Journals Of Expeditions Of Discovery Into Central Australia And Overland From Adelaide To King George's Sound In The Years 1840-1: Sent By The Colonists Of South Australia By Eyre, Edward John
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The Boat Was Not Ready At The
Time Appointed, And Mr. Scott Returned To The Tents.
In the evening,
however, he again went to the settlement, and about ten, P.M., he, and
the man who was to manage the boat, went on board to sail for Adelaide.
had been taken very ill during the day, and was unable to accompany him
to the place of embarkation. The following is a copy of my despatch to
the Governor, and to the Chairman of the Northern Expedition Committee,
embodying my reasons for going to the westward.
"Port Lincoln, October, 1840.
"Sir, - Having fallen back upon Port Lincoln for supplies, an opportunity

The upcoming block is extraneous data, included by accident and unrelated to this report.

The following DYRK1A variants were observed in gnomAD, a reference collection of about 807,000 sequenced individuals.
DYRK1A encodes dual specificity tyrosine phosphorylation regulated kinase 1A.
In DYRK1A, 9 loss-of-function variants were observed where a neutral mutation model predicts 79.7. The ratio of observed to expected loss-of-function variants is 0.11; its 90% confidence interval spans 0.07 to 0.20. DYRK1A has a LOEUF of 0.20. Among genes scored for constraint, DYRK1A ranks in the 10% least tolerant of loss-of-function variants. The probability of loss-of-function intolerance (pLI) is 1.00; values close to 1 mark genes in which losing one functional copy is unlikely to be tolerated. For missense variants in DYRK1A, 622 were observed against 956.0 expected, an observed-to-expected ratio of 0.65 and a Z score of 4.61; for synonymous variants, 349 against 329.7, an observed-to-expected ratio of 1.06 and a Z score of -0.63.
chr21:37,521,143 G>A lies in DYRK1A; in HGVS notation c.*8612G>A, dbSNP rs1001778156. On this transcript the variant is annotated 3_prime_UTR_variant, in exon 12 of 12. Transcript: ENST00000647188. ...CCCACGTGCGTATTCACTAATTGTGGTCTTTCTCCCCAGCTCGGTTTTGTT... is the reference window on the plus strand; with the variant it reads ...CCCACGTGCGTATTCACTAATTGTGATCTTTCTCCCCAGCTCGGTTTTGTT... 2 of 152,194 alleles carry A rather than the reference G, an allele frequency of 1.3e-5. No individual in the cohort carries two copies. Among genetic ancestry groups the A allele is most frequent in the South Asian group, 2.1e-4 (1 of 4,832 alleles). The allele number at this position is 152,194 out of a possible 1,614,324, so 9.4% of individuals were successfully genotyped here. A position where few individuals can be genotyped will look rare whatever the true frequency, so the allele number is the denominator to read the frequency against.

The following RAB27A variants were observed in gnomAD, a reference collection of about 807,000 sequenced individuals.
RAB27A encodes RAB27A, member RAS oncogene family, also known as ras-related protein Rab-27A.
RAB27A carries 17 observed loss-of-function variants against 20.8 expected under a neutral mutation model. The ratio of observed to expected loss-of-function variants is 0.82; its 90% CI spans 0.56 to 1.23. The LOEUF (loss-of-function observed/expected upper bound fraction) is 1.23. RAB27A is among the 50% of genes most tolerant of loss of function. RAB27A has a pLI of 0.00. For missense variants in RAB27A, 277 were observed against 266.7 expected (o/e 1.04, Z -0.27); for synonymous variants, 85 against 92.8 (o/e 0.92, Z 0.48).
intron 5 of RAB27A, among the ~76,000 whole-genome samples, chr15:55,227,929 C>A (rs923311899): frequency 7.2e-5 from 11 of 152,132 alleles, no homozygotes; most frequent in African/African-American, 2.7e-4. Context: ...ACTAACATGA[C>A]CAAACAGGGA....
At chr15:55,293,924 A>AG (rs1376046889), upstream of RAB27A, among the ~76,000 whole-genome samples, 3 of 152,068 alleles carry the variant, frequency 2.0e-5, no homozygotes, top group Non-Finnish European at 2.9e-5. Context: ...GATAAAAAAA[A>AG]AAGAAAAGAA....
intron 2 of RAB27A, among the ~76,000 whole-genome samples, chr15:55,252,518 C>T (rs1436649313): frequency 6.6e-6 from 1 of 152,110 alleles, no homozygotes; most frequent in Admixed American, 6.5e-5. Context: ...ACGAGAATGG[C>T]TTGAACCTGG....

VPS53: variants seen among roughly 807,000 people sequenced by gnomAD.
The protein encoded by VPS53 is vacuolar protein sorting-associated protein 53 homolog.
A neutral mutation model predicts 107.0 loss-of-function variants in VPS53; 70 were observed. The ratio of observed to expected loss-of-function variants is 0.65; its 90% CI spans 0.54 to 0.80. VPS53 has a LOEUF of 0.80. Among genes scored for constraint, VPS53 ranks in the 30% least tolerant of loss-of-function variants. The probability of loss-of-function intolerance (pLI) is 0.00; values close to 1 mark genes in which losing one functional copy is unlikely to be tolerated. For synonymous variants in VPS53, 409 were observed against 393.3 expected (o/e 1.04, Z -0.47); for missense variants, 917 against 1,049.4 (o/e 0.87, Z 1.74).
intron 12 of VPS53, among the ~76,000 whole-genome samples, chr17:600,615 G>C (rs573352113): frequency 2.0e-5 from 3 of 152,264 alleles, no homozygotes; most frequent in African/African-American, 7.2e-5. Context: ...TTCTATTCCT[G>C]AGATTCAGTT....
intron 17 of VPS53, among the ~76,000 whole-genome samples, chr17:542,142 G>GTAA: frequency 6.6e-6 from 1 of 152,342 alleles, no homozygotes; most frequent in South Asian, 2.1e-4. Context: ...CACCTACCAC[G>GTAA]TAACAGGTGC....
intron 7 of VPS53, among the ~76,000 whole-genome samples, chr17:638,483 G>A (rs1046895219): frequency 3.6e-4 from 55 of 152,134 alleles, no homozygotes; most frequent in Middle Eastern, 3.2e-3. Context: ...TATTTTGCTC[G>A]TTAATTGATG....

has occurred to me of writing a brief and hurried report of our
proceedings. I have, therefore, the honour to acquaint you, for the
information of His Excellency, the Governor, and the colonists interested
in the Northern Expedition, with the result of my examination of the
country north of Spencer's Gulf, and of the further steps I contemplate
taking to endeavour to carry out the wishes of the Committee, and
accomplish the object for which the expedition was fitted out.
"Upon leaving our depot, near Mount Arden, the low, arid, and sandy
nature of the country between the hills and Lake Torrens, compelled us to
follow close under the continuation of Flinders range. Here our progress
was necessarily very slow, from the rugged nature of the country, the
scarcity of water, and the great difficulty both of finding and obtaining
access to it.
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